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July 12, 1996

MAX FRAAD-WOLFF, Plaintiff, against VASSAR COLLEGE, Defendant.

The opinion of the court was delivered by: CONNER


 CONNER, Senior D.J.:

 Plaintiff Max Fraad-Wolff filed this diversity action on October 12, 1994. He alleges that defendant Vassar College violated New York state law by failing to comply with its established disciplinary procedures in investigating and adjudicating a harassment charge against him. He also asserts a claim under New York state law for intentional infliction of emotional distress. Defendant has moved, pursuant to Fed. R. Civ. P. 56(c), for summary judgment dismissing both claims. For the reasons set forth below, defendant's motion is granted.


 The following facts are undisputed, unless otherwise noted. Under the procedures set forth in defendant's student handbook, a student who believes that he or she has been the victim of harassment by another student may bring a complaint to the Chair of defendant's Harassment Committee. A screening committee selected by the Chair reviews the complaint without knowing the identities of the students involved and makes a determination of whether there is probable cause to proceed. If so, the complaint is transmitted to the College Regulations Panel. See Vassar Student Handbook § 2, at 68-69, attached as Exhibit B to Affidavit of Leon Friedman, dated Sept. 18, 1995. The Panel then adjudicates the charges in accordance with the procedures outlined in the student handbook and the College Regulations Panel Rules and Procedures.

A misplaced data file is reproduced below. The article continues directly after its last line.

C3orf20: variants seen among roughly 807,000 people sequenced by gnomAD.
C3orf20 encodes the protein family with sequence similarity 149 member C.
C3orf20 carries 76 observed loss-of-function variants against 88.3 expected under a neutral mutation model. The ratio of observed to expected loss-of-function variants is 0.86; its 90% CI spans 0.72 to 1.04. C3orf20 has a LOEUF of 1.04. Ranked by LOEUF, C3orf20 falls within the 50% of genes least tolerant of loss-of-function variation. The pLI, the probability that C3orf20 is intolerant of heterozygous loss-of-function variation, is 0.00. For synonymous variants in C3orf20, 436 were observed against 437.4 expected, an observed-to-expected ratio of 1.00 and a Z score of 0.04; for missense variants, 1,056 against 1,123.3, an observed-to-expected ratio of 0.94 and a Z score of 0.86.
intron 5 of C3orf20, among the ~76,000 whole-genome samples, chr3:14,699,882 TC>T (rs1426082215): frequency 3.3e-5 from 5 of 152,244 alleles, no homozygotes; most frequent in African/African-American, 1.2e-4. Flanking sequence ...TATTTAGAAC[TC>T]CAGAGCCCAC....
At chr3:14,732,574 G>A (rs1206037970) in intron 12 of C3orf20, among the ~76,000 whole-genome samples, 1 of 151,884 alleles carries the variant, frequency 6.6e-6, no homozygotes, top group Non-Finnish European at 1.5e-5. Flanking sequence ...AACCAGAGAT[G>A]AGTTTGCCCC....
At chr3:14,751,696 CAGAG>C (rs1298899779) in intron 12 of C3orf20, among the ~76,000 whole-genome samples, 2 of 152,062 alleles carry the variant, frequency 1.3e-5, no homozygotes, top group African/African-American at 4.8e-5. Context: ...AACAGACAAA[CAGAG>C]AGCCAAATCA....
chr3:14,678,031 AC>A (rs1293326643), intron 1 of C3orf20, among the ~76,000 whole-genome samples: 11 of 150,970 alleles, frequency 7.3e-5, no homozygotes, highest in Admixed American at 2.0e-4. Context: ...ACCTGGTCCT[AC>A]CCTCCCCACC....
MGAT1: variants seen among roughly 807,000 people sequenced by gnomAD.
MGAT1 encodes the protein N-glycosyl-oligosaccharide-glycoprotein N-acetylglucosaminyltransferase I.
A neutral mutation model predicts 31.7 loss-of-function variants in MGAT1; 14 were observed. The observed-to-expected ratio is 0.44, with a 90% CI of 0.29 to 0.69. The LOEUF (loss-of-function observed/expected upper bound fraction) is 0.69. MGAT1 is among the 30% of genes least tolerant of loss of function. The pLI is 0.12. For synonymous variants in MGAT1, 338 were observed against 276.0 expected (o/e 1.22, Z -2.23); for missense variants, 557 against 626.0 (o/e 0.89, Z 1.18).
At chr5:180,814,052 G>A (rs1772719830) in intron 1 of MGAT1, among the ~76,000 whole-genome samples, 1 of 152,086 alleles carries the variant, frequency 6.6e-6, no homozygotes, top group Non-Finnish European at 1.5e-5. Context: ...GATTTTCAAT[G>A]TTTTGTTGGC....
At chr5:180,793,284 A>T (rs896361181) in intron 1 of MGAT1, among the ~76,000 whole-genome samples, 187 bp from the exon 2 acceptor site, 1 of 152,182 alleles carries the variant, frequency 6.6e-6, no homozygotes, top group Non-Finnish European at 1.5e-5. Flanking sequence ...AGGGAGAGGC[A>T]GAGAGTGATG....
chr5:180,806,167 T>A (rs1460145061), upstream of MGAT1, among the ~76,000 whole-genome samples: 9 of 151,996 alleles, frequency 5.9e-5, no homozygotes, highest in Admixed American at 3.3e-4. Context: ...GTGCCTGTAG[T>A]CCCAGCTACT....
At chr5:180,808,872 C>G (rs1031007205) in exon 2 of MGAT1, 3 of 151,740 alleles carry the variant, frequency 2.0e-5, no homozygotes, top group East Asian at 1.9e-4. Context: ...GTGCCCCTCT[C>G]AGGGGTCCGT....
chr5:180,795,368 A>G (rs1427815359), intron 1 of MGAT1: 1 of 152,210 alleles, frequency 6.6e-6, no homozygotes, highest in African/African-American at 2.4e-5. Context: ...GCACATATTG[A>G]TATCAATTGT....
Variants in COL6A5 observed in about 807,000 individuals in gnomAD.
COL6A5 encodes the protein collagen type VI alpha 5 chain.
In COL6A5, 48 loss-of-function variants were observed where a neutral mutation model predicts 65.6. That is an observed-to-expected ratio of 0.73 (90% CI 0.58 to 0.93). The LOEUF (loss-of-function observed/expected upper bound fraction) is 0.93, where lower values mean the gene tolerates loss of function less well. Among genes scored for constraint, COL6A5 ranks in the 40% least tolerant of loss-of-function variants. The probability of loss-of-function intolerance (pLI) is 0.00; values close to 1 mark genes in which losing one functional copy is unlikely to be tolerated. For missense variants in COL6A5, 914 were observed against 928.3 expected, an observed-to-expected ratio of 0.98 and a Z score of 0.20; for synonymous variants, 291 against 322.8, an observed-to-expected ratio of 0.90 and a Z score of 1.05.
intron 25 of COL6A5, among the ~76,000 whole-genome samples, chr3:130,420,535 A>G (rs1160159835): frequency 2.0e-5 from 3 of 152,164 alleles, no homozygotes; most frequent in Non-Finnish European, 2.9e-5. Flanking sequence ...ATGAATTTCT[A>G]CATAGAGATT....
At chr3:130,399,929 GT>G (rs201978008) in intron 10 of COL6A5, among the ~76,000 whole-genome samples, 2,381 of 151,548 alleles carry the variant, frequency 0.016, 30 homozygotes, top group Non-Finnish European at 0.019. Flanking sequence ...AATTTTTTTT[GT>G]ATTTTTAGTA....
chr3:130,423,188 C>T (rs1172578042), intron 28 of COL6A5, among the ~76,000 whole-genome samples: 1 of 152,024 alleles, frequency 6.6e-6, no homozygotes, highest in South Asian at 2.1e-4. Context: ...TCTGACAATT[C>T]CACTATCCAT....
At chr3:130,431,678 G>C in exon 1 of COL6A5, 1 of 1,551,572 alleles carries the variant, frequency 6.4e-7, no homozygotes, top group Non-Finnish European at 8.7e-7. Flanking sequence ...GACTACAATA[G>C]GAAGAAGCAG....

Plaintiff, a citizen of Connecticut, entered Vassar College, a private college in New York, as a freshman in the fall of 1991. By the fall of 1993, plaintiff was a junior. During the night of September 17, 1993, John Reinish, another Vassar student, received two messages on his answering machine. Those messages, apparently consisting of statements made by three different callers, contained abusive language and threats of physical violence directed against Reinish because of his homosexuality. Reinish reported the incident to Pamela Neimeth, the Assistant Dean of Student Life and Chair of the Harassment Committee. With the assistance of other members of defendant's administration, Neimeth conducted an investigation by playing a tape of the messages throughout the campus and soliciting information about the incident. According to defendant, a number of students informed the investigators that they believed that plaintiff was one of the callers. Those students included two unidentified women who told Neimeth in confidence that they believed they were in the room from which plaintiff made the phone calls. Plaintiff asserts that during this period, Neimeth told several students that she believed plaintiff was involved in the incident; Neimeth contends that she spoke about plaintiff only with those students who came to her with information that he participated in making the phone calls.